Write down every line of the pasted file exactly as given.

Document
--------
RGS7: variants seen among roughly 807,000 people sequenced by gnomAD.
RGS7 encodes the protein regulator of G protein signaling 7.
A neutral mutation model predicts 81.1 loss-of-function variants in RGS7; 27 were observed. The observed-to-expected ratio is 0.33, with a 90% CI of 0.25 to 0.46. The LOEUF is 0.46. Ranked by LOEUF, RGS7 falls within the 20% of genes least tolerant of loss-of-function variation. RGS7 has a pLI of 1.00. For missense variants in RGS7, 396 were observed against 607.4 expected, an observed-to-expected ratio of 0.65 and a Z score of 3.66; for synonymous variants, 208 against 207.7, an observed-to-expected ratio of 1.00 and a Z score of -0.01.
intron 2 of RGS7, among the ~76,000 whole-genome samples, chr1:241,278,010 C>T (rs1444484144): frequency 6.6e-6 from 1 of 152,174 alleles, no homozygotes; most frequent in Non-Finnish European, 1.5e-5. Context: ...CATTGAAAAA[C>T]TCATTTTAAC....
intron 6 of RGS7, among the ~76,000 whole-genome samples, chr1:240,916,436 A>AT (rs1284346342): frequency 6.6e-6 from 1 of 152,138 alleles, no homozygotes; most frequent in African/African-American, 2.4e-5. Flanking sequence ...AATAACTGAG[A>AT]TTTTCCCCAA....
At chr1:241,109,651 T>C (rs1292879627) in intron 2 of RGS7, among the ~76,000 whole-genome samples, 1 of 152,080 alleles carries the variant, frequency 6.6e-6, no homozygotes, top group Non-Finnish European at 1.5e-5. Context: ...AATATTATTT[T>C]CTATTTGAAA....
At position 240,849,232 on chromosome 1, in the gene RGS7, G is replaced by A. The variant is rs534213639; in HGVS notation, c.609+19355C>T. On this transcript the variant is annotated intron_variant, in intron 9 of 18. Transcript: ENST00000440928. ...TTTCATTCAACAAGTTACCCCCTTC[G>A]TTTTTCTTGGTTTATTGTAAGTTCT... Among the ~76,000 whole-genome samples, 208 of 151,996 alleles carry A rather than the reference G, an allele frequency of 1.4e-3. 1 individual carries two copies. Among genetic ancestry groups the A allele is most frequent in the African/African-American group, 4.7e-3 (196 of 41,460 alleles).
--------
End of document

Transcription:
RGS7: variants seen among roughly 807,000 people sequenced by gnomAD.
RGS7 encodes the protein regulator of G protein signaling 7.
A neutral mutation model predicts 81.1 loss-of-function variants in RGS7; 27 were observed. The observed-to-expected ratio is 0.33, with a 90% CI of 0.25 to 0.46. The LOEUF is 0.46. Ranked by LOEUF, RGS7 falls within the 20% of genes least tolerant of loss-of-function variation. RGS7 has a pLI of 1.00. For missense variants in RGS7, 396 were observed against 607.4 expected, an observed-to-expected ratio of 0.65 and a Z score of 3.66; for synonymous variants, 208 against 207.7, an observed-to-expected ratio of 1.00 and a Z score of -0.01.
intron 2 of RGS7, among the ~76,000 whole-genome samples, chr1:241,278,010 C>T (rs1444484144): frequency 6.6e-6 from 1 of 152,174 alleles, no homozygotes; most frequent in Non-Finnish European, 1.5e-5. Context: ...CATTGAAAAA[C>T]TCATTTTAAC....
intron 6 of RGS7, among the ~76,000 whole-genome samples, chr1:240,916,436 A>AT (rs1284346342): frequency 6.6e-6 from 1 of 152,138 alleles, no homozygotes; most frequent in African/African-American, 2.4e-5. Flanking sequence ...AATAACTGAG[A>AT]TTTTCCCCAA....
At chr1:241,109,651 T>C (rs1292879627) in intron 2 of RGS7, among the ~76,000 whole-genome samples, 1 of 152,080 alleles carries the variant, frequency 6.6e-6, no homozygotes, top group Non-Finnish European at 1.5e-5. Context: ...AATATTATTT[T>C]CTATTTGAAA....
At position 240,849,232 on chromosome 1, in the gene RGS7, G is replaced by A. The variant is rs534213639; in HGVS notation, c.609+19355C>T. On this transcript the variant is annotated intron_variant, in intron 9 of 18. Transcript: ENST00000440928. ...TTTCATTCAACAAGTTACCCCCTTC[G>A]TTTTTCTTGGTTTATTGTAAGTTCT... Among the ~76,000 whole-genome samples, 208 of 151,996 alleles carry A rather than the reference G, an allele frequency of 1.4e-3. 1 individual carries two copies. Among genetic ancestry groups the A allele is most frequent in the African/African-American group, 4.7e-3 (196 of 41,460 alleles).